Children’s book author Freddi Williams Evans was born on February 13, 1957 and grew up in Madison, Mississippi. As a child, her parents, Reverend R. L. and Carrie Cotten Williams, traveled frequently across the United States. Evans studied piano from an early age and graduated from Tougaloo College with her B.A. degrees in music and psychology. While at Tougaloo, she also was able to travel to West Africa where she studied the traditional music of Ghana. Her love of travel and the arts influenced her desire to write her stories. She continued her education at Hahnemann University in Pennsylvania where she received her Masters degree in creative arts therapy with an emphasis in music.
Evans worked in Philadelphia before marrying and moving to New Orleans, Louisiana where she began working as a music therapist. She was a Fulbright Scholar twice, going to Zimbabwe in 1995 and South Africa in 2000. In addition to working as an arts educator and administrator for the Jefferson Parish Public School System, Evans worked as an independent consultant for various organizations including: Orleans Parish Public Schools, the Amistad Research Center at Tulane University, Louisiana State Department of Education and the Mississippi Arts Commission. In 2003, she authored her first children’s book, Bus of Our Own which received many accolades including the 2004 Mississippi Book Award. Her second and third books followed in 2005 and 2008 with The Battle of New Orleans: The Drummer’s Story and Hush Harbor: Praying in Secret. Her fourth book, Come Sunday: New Orleans’ Congo Square, a history book for general audiences, is due in 2010.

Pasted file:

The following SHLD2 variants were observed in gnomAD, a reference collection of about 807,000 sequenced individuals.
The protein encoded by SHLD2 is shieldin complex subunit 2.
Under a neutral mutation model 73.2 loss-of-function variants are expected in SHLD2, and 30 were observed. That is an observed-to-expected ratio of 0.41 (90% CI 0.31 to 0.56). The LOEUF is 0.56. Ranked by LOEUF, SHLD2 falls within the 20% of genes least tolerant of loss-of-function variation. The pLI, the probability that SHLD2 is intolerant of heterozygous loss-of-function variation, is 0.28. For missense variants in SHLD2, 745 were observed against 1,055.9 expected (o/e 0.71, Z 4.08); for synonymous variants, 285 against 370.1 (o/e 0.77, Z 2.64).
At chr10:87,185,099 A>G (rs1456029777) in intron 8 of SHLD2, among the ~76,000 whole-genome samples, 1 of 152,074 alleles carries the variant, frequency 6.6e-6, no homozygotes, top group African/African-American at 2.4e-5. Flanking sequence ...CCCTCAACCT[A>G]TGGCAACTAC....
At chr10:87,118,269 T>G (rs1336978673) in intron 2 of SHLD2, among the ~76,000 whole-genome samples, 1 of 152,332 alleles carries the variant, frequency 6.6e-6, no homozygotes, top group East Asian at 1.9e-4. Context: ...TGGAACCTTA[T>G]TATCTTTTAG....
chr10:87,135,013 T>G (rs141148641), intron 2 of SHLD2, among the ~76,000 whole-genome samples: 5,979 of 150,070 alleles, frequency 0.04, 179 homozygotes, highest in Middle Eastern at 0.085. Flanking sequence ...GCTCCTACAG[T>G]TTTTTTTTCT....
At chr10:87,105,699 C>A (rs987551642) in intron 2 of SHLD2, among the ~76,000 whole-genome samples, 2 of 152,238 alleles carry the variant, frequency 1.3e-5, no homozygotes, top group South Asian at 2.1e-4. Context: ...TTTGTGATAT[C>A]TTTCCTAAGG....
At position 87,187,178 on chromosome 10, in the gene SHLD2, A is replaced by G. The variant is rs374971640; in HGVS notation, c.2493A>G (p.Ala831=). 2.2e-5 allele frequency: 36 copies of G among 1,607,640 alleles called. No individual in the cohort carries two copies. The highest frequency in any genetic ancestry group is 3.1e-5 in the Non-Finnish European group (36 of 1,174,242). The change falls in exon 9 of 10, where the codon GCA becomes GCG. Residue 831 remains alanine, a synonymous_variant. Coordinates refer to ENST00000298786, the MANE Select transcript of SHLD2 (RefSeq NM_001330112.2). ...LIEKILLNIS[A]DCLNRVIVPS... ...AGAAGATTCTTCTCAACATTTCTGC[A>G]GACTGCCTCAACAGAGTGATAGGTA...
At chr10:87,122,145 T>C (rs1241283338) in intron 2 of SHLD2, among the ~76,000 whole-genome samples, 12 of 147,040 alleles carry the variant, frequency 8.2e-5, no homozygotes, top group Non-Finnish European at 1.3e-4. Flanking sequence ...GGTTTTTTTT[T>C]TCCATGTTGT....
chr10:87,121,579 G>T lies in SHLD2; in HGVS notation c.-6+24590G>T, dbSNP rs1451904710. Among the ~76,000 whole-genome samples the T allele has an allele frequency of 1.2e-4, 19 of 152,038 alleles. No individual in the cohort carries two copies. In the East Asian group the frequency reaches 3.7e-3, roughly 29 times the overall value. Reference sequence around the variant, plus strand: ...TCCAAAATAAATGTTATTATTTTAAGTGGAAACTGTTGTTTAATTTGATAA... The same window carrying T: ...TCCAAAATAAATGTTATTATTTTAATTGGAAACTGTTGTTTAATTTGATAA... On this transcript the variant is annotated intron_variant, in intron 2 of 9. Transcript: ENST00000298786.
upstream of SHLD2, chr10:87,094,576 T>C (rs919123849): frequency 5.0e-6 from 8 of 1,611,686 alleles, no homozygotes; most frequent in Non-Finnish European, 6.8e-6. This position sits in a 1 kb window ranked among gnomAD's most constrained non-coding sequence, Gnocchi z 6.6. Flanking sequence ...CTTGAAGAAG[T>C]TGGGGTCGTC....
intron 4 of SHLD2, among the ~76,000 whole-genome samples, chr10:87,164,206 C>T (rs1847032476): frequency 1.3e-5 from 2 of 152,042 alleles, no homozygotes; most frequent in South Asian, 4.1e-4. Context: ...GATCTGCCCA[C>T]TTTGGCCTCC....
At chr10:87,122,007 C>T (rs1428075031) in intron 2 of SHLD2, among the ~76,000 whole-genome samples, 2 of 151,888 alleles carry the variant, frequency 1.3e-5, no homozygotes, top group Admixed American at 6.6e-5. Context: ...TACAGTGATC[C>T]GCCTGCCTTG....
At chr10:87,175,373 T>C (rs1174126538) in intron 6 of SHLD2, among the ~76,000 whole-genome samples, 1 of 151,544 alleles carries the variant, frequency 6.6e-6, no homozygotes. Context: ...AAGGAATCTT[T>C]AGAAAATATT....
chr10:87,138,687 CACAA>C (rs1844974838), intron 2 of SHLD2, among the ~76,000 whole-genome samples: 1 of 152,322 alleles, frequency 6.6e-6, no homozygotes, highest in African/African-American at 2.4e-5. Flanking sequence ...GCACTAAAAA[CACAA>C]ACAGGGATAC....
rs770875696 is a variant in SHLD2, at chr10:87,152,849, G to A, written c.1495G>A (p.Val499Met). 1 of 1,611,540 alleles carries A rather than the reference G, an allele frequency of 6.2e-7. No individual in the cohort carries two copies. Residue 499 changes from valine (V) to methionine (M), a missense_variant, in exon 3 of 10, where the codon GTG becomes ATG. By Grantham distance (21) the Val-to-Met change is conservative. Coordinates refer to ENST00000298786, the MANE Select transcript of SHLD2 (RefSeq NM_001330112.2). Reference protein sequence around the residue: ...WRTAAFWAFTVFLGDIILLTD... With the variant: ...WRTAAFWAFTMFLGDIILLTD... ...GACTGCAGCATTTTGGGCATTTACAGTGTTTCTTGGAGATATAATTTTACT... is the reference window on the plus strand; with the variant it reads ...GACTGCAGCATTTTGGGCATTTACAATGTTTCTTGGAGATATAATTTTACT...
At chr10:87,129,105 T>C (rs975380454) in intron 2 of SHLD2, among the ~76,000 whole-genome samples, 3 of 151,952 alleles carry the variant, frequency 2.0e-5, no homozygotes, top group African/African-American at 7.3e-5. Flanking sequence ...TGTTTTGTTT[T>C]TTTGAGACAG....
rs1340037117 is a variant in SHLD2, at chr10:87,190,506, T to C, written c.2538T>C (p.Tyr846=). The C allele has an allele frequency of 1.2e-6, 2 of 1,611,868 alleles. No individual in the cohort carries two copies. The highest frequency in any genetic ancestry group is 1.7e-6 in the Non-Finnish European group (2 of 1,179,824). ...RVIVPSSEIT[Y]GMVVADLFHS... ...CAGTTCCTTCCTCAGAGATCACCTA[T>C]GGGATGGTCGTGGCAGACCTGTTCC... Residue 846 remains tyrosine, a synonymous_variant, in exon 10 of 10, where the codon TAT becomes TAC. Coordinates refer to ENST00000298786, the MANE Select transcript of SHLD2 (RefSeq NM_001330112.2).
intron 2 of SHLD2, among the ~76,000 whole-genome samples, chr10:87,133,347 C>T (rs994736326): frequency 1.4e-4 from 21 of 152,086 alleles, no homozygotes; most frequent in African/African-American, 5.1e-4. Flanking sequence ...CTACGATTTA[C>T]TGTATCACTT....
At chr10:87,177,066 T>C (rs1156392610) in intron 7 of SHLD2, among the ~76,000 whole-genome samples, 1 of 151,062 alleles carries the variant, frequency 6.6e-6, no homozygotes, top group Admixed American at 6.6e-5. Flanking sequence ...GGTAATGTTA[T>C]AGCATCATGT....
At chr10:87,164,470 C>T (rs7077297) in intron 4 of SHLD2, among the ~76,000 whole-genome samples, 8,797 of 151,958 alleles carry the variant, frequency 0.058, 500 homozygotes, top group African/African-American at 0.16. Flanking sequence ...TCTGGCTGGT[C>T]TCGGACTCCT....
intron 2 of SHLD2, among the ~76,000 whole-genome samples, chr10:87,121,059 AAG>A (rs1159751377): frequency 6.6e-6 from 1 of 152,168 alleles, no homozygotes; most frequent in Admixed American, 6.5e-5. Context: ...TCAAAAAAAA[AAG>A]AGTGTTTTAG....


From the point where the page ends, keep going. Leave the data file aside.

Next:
Evans has received several awards for her work in education including the Mazie Malveaux VSA Award in 1998 for her service to Louisiana students with disabilities and the Special Congressional Recognition for Outstanding Contributions to the Arts in 2002.
Freddi Evans was interviewed by The HistoryMakers on June 9, 2010.